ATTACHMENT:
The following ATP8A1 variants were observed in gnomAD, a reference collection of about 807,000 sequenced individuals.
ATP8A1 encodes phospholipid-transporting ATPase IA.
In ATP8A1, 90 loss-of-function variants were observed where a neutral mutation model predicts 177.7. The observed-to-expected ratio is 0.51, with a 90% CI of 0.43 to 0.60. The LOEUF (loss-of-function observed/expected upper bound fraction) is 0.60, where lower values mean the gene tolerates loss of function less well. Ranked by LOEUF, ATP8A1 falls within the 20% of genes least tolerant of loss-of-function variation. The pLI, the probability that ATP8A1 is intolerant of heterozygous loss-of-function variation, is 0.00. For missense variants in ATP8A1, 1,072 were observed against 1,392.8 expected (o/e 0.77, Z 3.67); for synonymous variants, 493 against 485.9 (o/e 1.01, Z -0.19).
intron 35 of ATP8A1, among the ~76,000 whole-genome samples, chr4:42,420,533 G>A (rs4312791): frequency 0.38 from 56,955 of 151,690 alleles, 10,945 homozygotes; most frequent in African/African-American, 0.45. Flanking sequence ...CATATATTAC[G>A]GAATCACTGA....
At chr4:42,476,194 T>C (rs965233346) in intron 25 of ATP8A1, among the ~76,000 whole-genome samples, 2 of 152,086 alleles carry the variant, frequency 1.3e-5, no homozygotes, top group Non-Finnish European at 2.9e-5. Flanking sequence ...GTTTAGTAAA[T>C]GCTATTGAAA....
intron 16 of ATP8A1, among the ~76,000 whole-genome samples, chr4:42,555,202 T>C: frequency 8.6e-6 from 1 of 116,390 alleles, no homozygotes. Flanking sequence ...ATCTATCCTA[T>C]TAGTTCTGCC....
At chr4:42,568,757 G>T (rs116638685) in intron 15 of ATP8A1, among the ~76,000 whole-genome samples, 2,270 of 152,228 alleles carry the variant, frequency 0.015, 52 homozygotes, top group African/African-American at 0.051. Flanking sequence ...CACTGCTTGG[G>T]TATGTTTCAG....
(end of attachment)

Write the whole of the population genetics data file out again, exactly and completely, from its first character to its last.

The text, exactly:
The following ATP8A1 variants were observed in gnomAD, a reference collection of about 807,000 sequenced individuals.
ATP8A1 encodes phospholipid-transporting ATPase IA.
In ATP8A1, 90 loss-of-function variants were observed where a neutral mutation model predicts 177.7. The observed-to-expected ratio is 0.51, with a 90% CI of 0.43 to 0.60. The LOEUF (loss-of-function observed/expected upper bound fraction) is 0.60, where lower values mean the gene tolerates loss of function less well. Ranked by LOEUF, ATP8A1 falls within the 20% of genes least tolerant of loss-of-function variation. The pLI, the probability that ATP8A1 is intolerant of heterozygous loss-of-function variation, is 0.00. For missense variants in ATP8A1, 1,072 were observed against 1,392.8 expected (o/e 0.77, Z 3.67); for synonymous variants, 493 against 485.9 (o/e 1.01, Z -0.19).
intron 35 of ATP8A1, among the ~76,000 whole-genome samples, chr4:42,420,533 G>A (rs4312791): frequency 0.38 from 56,955 of 151,690 alleles, 10,945 homozygotes; most frequent in African/African-American, 0.45. Flanking sequence ...CATATATTAC[G>A]GAATCACTGA....
At chr4:42,476,194 T>C (rs965233346) in intron 25 of ATP8A1, among the ~76,000 whole-genome samples, 2 of 152,086 alleles carry the variant, frequency 1.3e-5, no homozygotes, top group Non-Finnish European at 2.9e-5. Flanking sequence ...GTTTAGTAAA[T>C]GCTATTGAAA....
intron 16 of ATP8A1, among the ~76,000 whole-genome samples, chr4:42,555,202 T>C: frequency 8.6e-6 from 1 of 116,390 alleles, no homozygotes. Flanking sequence ...ATCTATCCTA[T>C]TAGTTCTGCC....
At chr4:42,568,757 G>T (rs116638685) in intron 15 of ATP8A1, among the ~76,000 whole-genome samples, 2,270 of 152,228 alleles carry the variant, frequency 0.015, 52 homozygotes, top group African/African-American at 0.051. Flanking sequence ...CACTGCTTGG[G>T]TATGTTTCAG....